Another discouragement comes in the worm which saws off the small branches of the Oaks, and leaves the ground strewn with twigs, as after a storm; but that supercilious insect disdains trees the size o ours, and he is still to be anticipated.
Upon some of the dwarf evergreens we have discovered a white scale insect, something like a mealy-bug, which covers the trunks and branches with its white spots, but that seems to yield to the dissuasive effects of soap and water, and disappears after a good scrubbing.
The Hemlocks are to be watched with a new anxiety, since the newspapers tell us of a worm that is destroying the foliage and killing the timber in Potter County, Pennsylvania. This creature infests the trees in great quantities, to the dismay of the lumbermen, who are unable to destroy them. It is hard enough to persuade a Hemlock to grow, any way, but if a beast is lying in wait to devour it, we may as well give up altogether. I am told that there is a book as big as the Bible, published by the Agricultural Department in Washington, about nothing in the world but the insects injurious to forest-trees, which seems enough to discourage the banters, even of a wood that can be covered by a pocket-handkerchief, like our own; but, to crown all, we rashly took a Brobdingnagian in the tree-line to walk in our Lilliput one day - a Brobdingnagian to whom the largest Elm in Hingham is but a walking-stick - and, looking down upon our three-inch Oaks, he complained that there were not trees enough! Lucus a non lucendo - fancy a forest with that deficiency! Having, moreover, discovered that our favorite Beeches were Black Birches, he contrived to impress us with the fact that the best of our forest was the prospect, and that, when the trees were grown, we should not even have that 1 That Brobdingnagian was a terror! Luckily he had not much daylight to see the place in, or we should never have the courage to go on, for wherever we had a good-sized tree he advised that it should be cut down, and if there was a square inch of territory without a seedling he thought it would be a good plan to put in a handful; and he even showed a disposi-tion to discredit our crack story about a yield of forty bushels in the palmy days of our great Pear-tree, Methusaleh, but that may have been because we tried to make him believe they were barrels.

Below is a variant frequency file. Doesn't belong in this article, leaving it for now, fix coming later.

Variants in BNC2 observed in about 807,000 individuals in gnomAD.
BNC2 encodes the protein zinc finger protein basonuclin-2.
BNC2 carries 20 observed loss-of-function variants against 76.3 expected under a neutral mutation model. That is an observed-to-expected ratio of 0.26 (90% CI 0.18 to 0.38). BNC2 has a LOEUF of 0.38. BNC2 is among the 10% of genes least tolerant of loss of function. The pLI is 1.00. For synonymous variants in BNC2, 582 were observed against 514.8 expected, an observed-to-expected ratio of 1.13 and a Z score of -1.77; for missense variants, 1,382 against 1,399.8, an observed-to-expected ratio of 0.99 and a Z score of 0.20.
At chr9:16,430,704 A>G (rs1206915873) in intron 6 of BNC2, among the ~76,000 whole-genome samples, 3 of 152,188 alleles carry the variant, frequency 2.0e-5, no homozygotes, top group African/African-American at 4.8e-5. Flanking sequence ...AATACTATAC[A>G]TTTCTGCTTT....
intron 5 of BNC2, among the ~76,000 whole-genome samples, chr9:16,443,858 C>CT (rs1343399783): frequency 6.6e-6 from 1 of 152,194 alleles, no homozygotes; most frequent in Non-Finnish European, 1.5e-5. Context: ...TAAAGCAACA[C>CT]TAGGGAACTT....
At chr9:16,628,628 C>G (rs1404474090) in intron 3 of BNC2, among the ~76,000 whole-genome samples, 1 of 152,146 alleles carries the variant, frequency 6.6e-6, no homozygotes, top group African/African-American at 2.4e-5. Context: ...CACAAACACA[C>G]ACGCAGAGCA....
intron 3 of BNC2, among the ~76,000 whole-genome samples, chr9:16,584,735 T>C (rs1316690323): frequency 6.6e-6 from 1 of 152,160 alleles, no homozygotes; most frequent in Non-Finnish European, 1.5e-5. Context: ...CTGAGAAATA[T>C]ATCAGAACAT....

So much for taking a Man-Mountain into Lilliput. I would not have trusted that one alone upon the premises with a pair of scissors, for there is nothing less to be depended on than the cutting mania. Granted that one ultimately accepts the situation, the moment when your tree comes down is always one of anguish. It takes so long to grow, and is so easily destroyed. Our Brobdingnagian took his toll at last, for he pointed out the fact that the flourishing little Elm I have been cherishing to shade the seat in the Box-arbor from the noonday heat, was really injuring the Box and should come down, which it did forthwith, as a tribute to his superior knowledge, - a nice tree, too, that it would take ten years and more to grow again.